Parkinson’s Disease (or PD) has been much more prevalent in the media in recent years with several high-profile cases being reported. In recent times, the actor Michael J. Fox and boxer Muhammad Ali have both made great steps in promoting awareness of the disease and the different ways in which it can affect the person involved along with their friends and family.
The basics of what causes Parkinson’s cannot exactly be described as basic in the true sense of the word. The things that one should remember about the disease is that it is chronic and progressive; in simple terms this essentially means that once it is diagnosed, there is simply no coming back – not for the time being anyway. The progressive nature of the disease means that in all cases, the symptoms worsen over time. There is a small area of nerve cells located in a certain part of the brain that usually produce a chemical called dopamine. When in full working order, the dopamine is responsible for sending signals around the brain that control muscle movement. When Parkinson’s Disease hits, it does so by rendering these nerve cells redundant, thereby restricting the amount of dopamine produced. Because of this, body movements are greatly affected.
This change in muscle movement is one of the main symptoms that can easily be spotted with someone affected by the disease. In many cases, the muscles can appear rigid and thus affect the way the person moves; there is also a tendency for those afflicted by PD to be subject to tremors – something that is very prevalent in the case of Muhammad Ali. In addition to this, a person’s speech can also be greatly affected as well as their propensity to lose balance and fall more often.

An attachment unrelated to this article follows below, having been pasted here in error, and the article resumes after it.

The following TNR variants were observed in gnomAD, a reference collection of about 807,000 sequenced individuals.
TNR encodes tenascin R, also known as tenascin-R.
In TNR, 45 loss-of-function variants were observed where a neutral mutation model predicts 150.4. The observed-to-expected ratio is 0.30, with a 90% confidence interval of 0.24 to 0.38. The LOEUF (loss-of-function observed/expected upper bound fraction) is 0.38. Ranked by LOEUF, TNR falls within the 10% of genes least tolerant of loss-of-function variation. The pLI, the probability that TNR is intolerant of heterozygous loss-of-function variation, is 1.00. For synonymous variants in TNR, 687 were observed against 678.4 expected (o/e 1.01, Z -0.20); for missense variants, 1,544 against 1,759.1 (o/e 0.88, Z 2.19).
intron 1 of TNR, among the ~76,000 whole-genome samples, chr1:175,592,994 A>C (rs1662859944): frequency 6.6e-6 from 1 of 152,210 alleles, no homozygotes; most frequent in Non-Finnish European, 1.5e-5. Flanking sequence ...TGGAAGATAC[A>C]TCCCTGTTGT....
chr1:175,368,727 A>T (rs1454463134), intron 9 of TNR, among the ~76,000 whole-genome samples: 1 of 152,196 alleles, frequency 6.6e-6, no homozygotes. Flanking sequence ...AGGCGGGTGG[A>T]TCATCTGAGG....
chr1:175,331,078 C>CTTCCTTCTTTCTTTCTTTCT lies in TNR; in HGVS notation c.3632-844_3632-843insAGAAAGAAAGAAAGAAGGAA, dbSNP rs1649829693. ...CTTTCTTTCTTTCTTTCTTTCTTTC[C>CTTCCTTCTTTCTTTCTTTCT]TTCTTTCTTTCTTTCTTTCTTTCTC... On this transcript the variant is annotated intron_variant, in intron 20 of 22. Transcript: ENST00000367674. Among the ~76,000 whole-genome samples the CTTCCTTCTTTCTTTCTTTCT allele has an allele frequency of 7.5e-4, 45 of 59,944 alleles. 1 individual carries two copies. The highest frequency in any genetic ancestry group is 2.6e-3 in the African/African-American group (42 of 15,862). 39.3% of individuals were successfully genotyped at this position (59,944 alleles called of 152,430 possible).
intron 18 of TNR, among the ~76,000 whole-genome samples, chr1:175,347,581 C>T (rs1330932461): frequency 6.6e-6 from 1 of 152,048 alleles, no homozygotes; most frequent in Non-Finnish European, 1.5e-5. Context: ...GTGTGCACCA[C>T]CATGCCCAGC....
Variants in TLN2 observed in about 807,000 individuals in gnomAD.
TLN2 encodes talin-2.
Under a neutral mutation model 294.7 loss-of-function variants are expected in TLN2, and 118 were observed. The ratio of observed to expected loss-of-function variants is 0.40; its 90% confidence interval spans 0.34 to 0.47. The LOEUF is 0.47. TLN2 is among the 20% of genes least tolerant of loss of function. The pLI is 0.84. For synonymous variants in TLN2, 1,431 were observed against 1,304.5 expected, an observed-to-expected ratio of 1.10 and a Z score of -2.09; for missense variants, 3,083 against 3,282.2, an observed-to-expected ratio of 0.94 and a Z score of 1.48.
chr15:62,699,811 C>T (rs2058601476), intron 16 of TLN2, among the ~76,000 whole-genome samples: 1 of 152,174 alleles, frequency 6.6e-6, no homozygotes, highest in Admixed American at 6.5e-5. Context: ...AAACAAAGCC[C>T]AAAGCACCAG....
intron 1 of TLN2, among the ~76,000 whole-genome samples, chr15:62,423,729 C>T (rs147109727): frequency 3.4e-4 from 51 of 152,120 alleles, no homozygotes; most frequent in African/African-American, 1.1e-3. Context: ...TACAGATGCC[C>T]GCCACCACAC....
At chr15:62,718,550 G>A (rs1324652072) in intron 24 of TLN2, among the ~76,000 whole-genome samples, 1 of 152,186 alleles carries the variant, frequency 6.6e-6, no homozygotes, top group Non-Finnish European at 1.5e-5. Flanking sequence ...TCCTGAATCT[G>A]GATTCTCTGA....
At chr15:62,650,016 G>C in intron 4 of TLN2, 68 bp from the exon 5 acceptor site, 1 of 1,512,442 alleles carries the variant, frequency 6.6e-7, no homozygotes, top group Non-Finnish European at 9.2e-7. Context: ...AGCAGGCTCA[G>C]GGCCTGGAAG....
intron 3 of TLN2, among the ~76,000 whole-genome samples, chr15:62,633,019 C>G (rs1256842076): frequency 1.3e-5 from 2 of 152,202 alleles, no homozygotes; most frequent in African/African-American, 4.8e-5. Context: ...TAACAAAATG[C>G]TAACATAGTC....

These symptoms are all relatively simple to spot in somebody that you know very well. The onset of PD to those affected is generally around the age of 60, but there are an increasing number of diagnoses for those around the age of 50 and some much younger; Michael J. Fox, for example was just 30 when he was diagnosed with the disease although this was not made public until he approached his 40th birthday.
There are many hidden symptoms of the disease which also need to be brought to light for people to understand exactly how sufferers can be affected – this will lead to greater knowledge for family and friends alike. Knowledge of the disease however, is increasing, and this is leading to greater amounts of detailed research which will hopefully allow for improvements in treatment to be found sooner rather than later. Any information that can be gathered about the disease can be used to improve the way of life for sufferers and their carers and hopefully one day – in the not too distant future – a cure can be found.